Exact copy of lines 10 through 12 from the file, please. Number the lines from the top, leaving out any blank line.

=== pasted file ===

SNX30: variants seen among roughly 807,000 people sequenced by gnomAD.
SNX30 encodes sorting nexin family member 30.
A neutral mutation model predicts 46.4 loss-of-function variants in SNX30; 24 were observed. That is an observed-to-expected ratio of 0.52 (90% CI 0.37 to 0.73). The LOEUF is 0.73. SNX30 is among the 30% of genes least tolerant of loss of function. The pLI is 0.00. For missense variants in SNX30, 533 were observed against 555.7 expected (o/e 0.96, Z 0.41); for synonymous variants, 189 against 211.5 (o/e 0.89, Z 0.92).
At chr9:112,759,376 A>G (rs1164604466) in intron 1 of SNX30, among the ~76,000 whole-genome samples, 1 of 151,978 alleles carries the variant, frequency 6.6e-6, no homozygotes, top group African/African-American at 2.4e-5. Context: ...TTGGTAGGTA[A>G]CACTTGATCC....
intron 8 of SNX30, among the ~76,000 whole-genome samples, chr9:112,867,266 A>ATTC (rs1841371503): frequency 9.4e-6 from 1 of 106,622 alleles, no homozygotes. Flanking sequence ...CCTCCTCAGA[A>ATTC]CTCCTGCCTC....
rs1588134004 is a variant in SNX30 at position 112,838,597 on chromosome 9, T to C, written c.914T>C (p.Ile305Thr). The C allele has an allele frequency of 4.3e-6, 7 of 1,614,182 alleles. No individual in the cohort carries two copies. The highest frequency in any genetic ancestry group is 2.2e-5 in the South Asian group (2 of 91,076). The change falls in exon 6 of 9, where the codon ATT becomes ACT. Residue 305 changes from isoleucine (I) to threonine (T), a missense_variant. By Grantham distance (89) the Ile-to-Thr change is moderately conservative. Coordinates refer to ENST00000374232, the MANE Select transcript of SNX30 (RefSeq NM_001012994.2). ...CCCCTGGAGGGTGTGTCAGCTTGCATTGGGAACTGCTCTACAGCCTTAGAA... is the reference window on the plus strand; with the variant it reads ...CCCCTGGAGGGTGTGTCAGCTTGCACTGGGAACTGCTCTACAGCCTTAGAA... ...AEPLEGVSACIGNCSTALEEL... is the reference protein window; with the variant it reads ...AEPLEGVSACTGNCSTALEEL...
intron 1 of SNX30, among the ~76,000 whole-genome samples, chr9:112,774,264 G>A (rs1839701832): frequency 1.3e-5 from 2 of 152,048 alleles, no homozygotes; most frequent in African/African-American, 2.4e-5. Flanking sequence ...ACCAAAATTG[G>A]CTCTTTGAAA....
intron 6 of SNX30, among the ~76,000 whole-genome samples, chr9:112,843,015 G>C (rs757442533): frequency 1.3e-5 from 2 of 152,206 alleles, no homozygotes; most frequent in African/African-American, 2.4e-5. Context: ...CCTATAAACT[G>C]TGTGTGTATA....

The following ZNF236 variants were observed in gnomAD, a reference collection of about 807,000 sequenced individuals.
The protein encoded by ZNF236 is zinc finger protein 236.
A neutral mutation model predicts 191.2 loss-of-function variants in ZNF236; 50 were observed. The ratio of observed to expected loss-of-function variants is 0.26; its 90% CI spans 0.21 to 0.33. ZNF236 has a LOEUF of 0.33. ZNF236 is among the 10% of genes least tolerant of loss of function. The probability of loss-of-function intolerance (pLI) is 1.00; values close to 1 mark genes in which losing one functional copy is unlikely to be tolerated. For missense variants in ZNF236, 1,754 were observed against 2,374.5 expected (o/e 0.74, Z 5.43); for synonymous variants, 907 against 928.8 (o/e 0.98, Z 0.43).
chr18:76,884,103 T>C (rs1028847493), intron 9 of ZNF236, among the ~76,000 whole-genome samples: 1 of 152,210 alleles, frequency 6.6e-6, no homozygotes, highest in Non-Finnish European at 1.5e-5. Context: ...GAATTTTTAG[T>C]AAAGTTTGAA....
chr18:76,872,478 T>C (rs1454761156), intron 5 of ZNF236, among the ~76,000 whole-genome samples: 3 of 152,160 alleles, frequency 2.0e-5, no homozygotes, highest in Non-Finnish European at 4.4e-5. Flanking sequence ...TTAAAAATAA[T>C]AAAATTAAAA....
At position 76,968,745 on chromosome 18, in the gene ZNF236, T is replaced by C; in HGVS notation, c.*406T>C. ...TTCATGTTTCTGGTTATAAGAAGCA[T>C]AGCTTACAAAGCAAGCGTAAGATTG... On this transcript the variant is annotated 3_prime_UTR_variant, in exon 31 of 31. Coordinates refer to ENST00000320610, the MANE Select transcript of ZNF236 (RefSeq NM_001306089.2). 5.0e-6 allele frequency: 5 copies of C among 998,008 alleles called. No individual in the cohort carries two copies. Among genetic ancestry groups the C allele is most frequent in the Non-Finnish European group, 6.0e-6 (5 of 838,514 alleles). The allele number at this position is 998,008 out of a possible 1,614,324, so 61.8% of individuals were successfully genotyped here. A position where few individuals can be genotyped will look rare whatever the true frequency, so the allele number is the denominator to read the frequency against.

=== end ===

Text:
The protein encoded by ZNF236 is zinc finger protein 236.
A neutral mutation model predicts 191.2 loss-of-function variants in ZNF236; 50 were observed. The ratio of observed to expected loss-of-function variants is 0.26; its 90% CI spans 0.21 to 0.33. ZNF236 has a LOEUF of 0.33. ZNF236 is among the 10% of genes least tolerant of loss of function. The probability of loss-of-function intolerance (pLI) is 1.00; values close to 1 mark genes in which losing one functional copy is unlikely to be tolerated. For missense variants in ZNF236, 1,754 were observed against 2,374.5 expected (o/e 0.74, Z 5.43); for synonymous variants, 907 against 928.8 (o/e 0.98, Z 0.43).
chr18:76,884,103 T>C (rs1028847493), intron 9 of ZNF236, among the ~76,000 whole-genome samples: 1 of 152,210 alleles, frequency 6.6e-6, no homozygotes, highest in Non-Finnish European at 1.5e-5. Context: ...GAATTTTTAG[T>C]AAAGTTTGAA....